Donors this week have detailed new strategies for their partner nations.
The World Bank is considering new partnership strategies for Macedonia and Azerbaijan. The global lender also intends to double its assistance for the Philippines in 2011, the same year when the European Bank for Reconstruction and Development expects to invest euro500 million (USD695 million) in Kazakhstan.
Meanwhile, aid effectiveness, full engagement with multilateral organizations and enhanced cooperation with civil society will steer Australian Foreign Minister Kevin Rudd’s approach to delivering Australian aid.
U.S. aid chief Rajiv Shah has defended the branding policy of the U.S. Agency for International Development, saying it was “a matter of transparency.”
In the U.K., the British Parliament’s International Development Committee is soliciting written evidence as part of its inquiry into the U.K.s’ bilateral aid program for India. European neighbor Germany announced it will no longer provide fresh aid to China.
Still in Europe, disaster response capacity was highlighted this week as the European Commission proposed a new strategy to boost the bloc’s civil protection and humanitarian assistance. The EU also agreed to yield two of its International Monetary Fund board seats to emerging economies. The European Parliament, meantime, has approved new staff and budget regulations for the European External Action Service.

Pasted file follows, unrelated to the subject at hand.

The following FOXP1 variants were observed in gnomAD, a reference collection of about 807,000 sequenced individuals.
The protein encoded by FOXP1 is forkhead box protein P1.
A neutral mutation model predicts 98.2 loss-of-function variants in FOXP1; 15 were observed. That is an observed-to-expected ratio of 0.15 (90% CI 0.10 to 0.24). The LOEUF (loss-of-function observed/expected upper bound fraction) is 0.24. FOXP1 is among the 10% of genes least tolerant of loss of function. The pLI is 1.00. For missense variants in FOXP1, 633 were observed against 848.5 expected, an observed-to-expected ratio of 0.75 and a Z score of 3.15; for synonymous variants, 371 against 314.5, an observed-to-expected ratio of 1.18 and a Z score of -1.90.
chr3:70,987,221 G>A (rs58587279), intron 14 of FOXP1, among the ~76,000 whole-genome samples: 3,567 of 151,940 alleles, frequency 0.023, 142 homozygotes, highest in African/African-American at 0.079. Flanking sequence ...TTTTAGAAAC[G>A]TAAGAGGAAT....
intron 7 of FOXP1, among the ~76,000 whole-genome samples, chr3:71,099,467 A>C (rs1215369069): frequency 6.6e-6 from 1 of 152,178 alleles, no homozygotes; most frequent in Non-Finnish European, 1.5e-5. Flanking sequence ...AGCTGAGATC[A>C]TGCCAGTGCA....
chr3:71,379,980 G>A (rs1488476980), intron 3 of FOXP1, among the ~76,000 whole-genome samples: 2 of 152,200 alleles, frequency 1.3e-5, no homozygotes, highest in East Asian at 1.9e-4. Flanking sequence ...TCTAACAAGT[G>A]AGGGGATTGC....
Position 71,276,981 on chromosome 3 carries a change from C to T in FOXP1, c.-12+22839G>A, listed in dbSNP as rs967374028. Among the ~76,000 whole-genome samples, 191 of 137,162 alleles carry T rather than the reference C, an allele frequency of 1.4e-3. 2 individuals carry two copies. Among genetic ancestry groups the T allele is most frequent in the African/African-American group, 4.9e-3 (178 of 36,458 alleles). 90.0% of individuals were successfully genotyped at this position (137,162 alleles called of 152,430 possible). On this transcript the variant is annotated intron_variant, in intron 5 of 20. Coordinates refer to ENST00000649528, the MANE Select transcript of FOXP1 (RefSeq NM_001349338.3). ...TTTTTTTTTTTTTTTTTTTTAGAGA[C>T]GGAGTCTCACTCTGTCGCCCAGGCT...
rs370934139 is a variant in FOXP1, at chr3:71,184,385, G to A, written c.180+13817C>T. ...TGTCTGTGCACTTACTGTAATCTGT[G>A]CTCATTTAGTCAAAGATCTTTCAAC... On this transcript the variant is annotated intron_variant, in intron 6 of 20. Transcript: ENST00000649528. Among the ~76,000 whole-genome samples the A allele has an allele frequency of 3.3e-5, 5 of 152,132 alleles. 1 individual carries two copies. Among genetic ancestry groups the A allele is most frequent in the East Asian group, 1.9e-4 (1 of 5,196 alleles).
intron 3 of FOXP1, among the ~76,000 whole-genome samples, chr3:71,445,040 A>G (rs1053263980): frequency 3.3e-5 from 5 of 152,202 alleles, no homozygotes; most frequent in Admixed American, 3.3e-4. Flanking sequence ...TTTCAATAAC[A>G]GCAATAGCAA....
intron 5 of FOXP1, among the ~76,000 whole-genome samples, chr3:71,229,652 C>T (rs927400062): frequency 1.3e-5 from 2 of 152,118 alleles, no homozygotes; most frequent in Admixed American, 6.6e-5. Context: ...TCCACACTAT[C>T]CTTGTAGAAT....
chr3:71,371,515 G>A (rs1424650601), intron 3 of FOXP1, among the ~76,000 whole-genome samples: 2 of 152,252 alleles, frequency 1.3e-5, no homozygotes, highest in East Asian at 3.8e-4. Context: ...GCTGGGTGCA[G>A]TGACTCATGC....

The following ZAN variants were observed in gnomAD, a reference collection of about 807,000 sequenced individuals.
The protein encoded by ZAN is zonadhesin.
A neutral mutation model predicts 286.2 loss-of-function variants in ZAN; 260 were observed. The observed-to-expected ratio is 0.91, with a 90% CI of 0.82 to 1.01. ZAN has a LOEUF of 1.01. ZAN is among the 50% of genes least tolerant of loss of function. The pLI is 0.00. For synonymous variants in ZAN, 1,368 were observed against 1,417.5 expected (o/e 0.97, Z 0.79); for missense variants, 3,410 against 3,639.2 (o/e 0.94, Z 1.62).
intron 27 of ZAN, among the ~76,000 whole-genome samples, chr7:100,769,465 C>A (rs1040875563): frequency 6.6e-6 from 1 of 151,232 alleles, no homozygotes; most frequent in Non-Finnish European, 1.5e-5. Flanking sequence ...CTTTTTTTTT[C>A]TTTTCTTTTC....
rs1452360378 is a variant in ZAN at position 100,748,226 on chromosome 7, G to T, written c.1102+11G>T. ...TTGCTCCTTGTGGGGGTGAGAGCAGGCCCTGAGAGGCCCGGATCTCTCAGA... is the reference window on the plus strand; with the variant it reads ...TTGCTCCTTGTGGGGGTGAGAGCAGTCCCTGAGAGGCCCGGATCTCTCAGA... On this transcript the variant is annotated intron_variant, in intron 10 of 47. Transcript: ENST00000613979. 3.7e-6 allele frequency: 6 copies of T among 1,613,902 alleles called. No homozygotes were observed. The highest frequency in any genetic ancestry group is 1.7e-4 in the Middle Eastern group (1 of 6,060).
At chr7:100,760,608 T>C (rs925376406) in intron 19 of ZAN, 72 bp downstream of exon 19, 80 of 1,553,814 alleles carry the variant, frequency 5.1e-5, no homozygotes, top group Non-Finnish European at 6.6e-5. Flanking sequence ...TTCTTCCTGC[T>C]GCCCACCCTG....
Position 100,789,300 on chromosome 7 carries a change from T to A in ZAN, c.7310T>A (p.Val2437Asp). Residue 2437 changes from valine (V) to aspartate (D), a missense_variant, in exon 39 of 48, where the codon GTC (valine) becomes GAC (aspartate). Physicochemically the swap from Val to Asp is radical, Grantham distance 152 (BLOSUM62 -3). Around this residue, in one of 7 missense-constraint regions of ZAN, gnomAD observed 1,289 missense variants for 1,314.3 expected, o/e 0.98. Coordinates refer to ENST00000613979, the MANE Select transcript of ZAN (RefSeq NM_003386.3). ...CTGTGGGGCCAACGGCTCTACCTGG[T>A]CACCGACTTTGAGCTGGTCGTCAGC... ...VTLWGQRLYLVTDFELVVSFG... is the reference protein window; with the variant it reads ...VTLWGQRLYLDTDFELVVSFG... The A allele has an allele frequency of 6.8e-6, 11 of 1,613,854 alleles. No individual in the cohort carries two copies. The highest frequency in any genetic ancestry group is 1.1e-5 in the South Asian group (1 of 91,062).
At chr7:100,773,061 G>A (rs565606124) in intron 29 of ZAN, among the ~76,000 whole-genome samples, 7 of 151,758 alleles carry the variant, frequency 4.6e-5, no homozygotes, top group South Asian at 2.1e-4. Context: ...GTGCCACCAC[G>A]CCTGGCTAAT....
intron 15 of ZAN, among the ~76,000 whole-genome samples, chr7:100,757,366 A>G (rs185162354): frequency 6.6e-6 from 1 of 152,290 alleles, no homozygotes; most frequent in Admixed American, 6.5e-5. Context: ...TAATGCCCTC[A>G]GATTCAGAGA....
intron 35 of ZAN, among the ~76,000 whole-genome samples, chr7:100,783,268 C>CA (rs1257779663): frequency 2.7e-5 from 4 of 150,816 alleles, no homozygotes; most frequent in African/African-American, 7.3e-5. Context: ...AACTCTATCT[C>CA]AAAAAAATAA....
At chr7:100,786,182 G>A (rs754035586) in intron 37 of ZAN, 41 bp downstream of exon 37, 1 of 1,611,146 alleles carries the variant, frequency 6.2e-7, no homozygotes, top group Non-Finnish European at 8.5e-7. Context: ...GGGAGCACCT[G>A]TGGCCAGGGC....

Donors have pledged USD9.5 billion to replenish the African Development Fund, up from the USD9.35 billion that ADF donors committed in a September meeting.
Antonio Borges – named by International Monetary Fund Managing Director Dominique Strauss-Kahn as director of the fund’s European department.
Martin Mogwanja – deputy executive director of UNICEF.
Roberta Blackman-Woods – U.K. shadow minister for civil society.
Pierre Vimont – executive secretary general of the European External Action Service.
David O’Sullivan – chief operating officer of the European External Action Service.